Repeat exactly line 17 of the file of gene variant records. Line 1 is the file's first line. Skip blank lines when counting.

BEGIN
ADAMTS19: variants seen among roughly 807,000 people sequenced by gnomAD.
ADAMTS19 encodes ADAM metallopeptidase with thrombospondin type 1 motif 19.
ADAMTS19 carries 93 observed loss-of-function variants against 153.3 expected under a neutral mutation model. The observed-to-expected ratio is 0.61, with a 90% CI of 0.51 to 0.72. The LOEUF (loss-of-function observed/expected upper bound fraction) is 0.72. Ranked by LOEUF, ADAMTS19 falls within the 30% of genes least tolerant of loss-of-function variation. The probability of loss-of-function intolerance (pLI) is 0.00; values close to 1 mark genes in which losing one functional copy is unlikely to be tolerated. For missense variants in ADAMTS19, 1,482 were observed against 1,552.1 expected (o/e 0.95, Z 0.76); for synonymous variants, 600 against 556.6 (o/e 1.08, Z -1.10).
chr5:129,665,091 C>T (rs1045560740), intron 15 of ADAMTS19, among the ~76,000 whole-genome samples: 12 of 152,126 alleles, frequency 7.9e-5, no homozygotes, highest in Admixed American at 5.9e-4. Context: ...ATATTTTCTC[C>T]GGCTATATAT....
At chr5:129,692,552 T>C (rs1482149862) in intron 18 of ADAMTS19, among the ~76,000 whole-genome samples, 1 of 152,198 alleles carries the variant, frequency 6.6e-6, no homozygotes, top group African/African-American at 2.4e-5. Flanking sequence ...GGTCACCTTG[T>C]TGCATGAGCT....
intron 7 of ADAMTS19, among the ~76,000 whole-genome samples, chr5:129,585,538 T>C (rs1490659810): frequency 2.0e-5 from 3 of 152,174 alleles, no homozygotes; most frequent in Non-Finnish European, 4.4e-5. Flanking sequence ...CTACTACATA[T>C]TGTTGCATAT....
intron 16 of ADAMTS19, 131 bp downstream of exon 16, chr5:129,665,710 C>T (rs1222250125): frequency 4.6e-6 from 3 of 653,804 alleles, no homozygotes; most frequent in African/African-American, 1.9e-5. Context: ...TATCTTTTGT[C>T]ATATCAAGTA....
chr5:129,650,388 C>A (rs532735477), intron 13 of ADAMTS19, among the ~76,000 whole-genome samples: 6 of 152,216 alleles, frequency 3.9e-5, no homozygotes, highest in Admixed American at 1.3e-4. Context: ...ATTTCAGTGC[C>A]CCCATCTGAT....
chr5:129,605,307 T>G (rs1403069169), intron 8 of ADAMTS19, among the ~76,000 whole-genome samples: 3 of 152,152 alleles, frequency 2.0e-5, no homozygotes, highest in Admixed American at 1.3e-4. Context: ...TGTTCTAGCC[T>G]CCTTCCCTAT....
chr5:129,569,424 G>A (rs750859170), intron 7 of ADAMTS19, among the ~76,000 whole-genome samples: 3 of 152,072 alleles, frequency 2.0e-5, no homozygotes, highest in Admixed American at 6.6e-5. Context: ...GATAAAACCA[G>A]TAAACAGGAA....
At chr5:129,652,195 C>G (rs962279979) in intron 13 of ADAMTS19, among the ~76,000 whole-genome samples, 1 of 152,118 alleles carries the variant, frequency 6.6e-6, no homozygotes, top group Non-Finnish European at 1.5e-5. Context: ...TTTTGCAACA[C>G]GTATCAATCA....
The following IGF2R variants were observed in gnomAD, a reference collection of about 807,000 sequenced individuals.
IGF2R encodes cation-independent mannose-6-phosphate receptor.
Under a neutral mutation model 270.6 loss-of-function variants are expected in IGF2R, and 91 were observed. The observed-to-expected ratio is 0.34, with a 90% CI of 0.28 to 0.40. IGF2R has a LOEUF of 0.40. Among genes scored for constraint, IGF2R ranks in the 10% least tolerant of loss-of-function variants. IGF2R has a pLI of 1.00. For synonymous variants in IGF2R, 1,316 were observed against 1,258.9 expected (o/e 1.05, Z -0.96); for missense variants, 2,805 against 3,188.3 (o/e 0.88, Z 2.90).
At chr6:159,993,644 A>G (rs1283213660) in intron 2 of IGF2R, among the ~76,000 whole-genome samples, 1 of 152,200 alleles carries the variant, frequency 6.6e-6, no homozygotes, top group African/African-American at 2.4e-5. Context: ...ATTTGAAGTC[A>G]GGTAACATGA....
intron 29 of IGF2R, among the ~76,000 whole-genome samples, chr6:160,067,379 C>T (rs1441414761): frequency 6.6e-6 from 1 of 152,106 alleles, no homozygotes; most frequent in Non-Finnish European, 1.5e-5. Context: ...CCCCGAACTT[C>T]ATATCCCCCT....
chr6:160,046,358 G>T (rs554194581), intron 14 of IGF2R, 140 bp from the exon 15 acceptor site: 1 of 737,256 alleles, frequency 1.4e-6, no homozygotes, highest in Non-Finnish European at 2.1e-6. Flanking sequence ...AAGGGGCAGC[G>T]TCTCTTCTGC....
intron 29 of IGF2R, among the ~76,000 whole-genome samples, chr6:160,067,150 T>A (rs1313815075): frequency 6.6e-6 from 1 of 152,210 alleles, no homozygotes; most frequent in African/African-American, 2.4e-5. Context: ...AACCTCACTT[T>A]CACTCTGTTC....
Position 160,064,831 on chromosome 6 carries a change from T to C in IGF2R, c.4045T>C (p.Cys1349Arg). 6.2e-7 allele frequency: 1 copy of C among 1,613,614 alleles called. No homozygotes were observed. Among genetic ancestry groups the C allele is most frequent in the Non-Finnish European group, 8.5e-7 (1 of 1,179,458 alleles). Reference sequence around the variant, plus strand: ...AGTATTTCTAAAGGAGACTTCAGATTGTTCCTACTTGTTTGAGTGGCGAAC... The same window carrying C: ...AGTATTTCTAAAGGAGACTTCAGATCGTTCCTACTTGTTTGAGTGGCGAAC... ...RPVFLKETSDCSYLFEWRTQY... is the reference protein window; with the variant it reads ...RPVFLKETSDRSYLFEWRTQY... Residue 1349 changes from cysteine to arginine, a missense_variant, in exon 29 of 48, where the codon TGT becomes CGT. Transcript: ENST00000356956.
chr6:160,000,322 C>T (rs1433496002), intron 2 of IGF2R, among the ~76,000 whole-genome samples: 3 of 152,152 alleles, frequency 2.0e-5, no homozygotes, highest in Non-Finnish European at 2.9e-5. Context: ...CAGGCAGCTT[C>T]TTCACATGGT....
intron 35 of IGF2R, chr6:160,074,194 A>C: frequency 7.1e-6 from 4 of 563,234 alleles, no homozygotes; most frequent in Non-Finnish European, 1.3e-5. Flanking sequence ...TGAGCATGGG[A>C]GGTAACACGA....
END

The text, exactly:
chr6:160,046,358 G>T (rs554194581), intron 14 of IGF2R, 140 bp from the exon 15 acceptor site: 1 of 737,256 alleles, frequency 1.4e-6, no homozygotes, highest in Non-Finnish European at 2.1e-6. Flanking sequence ...AAGGGGCAGC[G>T]TCTCTTCTGC....